Regular polytope

MarinOsion45 0 275 01.26 05:35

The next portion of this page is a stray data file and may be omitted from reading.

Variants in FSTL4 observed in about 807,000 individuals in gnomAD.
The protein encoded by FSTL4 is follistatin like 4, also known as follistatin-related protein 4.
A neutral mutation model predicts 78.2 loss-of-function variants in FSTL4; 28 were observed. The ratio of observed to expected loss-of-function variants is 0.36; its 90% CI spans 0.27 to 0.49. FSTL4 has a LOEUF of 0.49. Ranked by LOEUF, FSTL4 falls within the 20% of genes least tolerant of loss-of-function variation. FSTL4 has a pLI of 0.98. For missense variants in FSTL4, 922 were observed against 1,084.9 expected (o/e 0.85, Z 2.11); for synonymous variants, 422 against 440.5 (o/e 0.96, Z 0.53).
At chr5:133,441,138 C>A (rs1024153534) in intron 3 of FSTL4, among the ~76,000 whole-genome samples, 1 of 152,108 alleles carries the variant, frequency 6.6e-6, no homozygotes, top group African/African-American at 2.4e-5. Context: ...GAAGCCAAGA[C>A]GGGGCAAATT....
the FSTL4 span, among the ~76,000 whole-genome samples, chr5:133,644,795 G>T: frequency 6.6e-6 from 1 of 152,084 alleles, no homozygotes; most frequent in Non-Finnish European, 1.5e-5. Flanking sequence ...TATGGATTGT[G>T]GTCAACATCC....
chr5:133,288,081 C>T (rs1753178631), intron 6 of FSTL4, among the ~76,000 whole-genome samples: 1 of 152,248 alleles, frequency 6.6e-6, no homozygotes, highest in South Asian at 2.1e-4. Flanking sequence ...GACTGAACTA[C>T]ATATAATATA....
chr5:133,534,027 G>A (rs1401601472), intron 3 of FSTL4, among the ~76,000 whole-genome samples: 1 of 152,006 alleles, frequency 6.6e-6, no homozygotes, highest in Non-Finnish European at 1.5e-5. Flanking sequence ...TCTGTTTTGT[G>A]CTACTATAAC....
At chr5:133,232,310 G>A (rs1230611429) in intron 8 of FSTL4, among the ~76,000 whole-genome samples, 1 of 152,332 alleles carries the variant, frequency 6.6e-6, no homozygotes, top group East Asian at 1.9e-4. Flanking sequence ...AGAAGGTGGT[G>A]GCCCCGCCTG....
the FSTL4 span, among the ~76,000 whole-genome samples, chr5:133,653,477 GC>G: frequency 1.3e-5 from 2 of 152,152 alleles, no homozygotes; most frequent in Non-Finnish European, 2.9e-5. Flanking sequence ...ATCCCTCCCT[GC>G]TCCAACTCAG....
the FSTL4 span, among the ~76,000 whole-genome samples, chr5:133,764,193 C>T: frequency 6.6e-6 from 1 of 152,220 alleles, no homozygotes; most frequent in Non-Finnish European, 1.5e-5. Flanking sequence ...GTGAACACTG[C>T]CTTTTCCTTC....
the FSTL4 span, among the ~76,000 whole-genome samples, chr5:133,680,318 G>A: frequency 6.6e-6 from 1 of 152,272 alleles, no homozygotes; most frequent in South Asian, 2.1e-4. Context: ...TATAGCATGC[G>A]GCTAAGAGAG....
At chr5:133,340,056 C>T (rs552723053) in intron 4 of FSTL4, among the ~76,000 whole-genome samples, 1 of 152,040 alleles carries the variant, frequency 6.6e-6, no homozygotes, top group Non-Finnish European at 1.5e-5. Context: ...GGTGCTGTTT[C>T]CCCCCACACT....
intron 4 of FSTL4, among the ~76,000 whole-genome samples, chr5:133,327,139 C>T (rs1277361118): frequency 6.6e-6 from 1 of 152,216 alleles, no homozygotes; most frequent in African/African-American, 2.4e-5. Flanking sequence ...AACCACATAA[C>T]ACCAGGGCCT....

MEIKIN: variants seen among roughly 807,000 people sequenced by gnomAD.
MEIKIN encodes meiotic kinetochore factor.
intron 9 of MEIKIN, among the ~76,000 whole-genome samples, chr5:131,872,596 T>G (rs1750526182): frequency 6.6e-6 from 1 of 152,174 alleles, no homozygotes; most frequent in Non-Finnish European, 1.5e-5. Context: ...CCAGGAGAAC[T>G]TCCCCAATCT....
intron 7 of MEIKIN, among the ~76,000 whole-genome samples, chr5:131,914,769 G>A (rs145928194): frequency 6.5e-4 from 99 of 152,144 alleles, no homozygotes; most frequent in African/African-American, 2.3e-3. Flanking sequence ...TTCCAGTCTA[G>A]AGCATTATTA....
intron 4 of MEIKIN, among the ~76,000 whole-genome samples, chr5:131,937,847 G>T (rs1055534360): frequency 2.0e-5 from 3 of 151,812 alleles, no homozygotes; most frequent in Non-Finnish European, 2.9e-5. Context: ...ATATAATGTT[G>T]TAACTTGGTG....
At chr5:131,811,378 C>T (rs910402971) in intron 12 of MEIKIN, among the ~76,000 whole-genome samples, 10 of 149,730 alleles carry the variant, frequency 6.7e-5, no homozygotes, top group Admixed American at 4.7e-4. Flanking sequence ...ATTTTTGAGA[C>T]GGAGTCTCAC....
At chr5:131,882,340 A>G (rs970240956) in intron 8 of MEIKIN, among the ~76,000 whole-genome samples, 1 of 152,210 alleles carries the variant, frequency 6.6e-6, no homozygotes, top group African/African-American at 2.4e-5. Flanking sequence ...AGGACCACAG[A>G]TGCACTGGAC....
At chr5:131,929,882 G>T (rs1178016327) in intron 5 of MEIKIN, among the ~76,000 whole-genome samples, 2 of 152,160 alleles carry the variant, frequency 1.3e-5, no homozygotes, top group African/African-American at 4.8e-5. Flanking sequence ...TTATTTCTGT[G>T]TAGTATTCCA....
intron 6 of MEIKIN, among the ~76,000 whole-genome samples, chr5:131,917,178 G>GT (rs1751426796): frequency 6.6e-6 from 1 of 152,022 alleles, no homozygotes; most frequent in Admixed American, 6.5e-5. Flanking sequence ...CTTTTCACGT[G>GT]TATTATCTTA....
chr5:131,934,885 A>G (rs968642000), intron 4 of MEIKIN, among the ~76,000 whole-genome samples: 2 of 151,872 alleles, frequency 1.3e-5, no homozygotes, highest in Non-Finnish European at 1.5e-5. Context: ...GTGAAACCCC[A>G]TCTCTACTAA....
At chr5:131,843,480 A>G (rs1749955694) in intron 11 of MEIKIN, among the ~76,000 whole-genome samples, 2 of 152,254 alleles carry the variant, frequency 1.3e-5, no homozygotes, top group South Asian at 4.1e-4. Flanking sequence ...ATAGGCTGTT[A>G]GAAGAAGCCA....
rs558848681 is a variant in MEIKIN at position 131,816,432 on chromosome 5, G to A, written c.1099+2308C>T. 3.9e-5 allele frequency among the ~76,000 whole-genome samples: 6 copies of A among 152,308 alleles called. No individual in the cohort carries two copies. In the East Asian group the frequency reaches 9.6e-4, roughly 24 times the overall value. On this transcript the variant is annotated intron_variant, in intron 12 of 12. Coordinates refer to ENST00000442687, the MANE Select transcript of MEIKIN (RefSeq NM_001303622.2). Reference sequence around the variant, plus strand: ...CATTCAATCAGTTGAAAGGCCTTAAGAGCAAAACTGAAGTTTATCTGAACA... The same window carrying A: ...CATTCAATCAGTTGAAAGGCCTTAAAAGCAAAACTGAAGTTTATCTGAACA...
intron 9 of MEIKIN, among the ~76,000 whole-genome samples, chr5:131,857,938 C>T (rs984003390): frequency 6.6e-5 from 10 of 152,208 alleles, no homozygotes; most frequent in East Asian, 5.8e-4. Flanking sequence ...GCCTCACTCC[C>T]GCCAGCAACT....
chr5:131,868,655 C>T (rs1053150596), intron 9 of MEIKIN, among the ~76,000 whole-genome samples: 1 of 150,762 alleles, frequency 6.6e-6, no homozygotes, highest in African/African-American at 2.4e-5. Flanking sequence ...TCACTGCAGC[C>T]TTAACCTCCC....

This article includes a list of references, but its sources remain unclear because it has insufficient inline citations. Please help to improve this article by introducing more precise citations. (July 2014) (Learn how and when to remove this template message) Regular polytope examples A regular pentagon is a polygon, a two-dimensional polytope with 5 edges, represented by Schläfli symbol {5}. A regular dodecahedron is a polyhedron, a three-dimensional polytope, with 12 pentagonal faces, represented by Schläfli symbol {5,3}. A regular dodecaplex is a 4-polytope, a four-dimensional polytope, with 120 dodecahedral cells, represented by Schläfli symbol {5,3,3}. (shown here as a Schlegel diagram) A regular cubic honeycomb is a tessellation, an infinite three-dimensional polytope, represented by Schläfli symbol {4,3,4}. The 256 vertices and 1024 edges of an 8-cube can be shown in this orthogonal projection (Petrie polygon) In mathematics, a regular polytope is a polytope whose symmetry group acts transitively on its flags, thus giving it the highest degree of symmetry. All its elements or j-faces (for all 0 ≤ j ≤ n, where n is the dimension of the polytope) — cells, faces and so on — are also transitive on the symmetries of the polytope, and are regular polytopes of dimension ≤ n. Regular polytopes are the generalized analog in any number of dimensions of regular polygons (for example, the square or the regular pentagon) and regular polyhedra (for example, the cube). The strong symmetry of the regular polytopes gives them an aesthetic quality that interests both non-mathematicians and mathematicians. Classically, a regular polytope in n dimensions may be defined as having regular facets [(n − 1)-faces] and regular vertex figures. These two conditions are sufficient to ensure that all faces are alike and all vertices are alike. Note, however, that this definition does not work for abstract polytopes. A regular polytope can be represented by a Schläfli symbol of the form {a, b, c, ...., y, z}, with regular facets as {a, b, c, ..., y}, and regular vertex figures as {b, c, ..., y, z}. Contents 1 Classification and description 1.1 Schläfli symbols 1.2 Duality of the regular polytopes 1.3 Regular simplices 1.4 Measure polytopes (hypercubes) 1.5 Cross polytopes (orthoplexes) 2 History of discovery 2.1 Convex polygons and po 밤헌터


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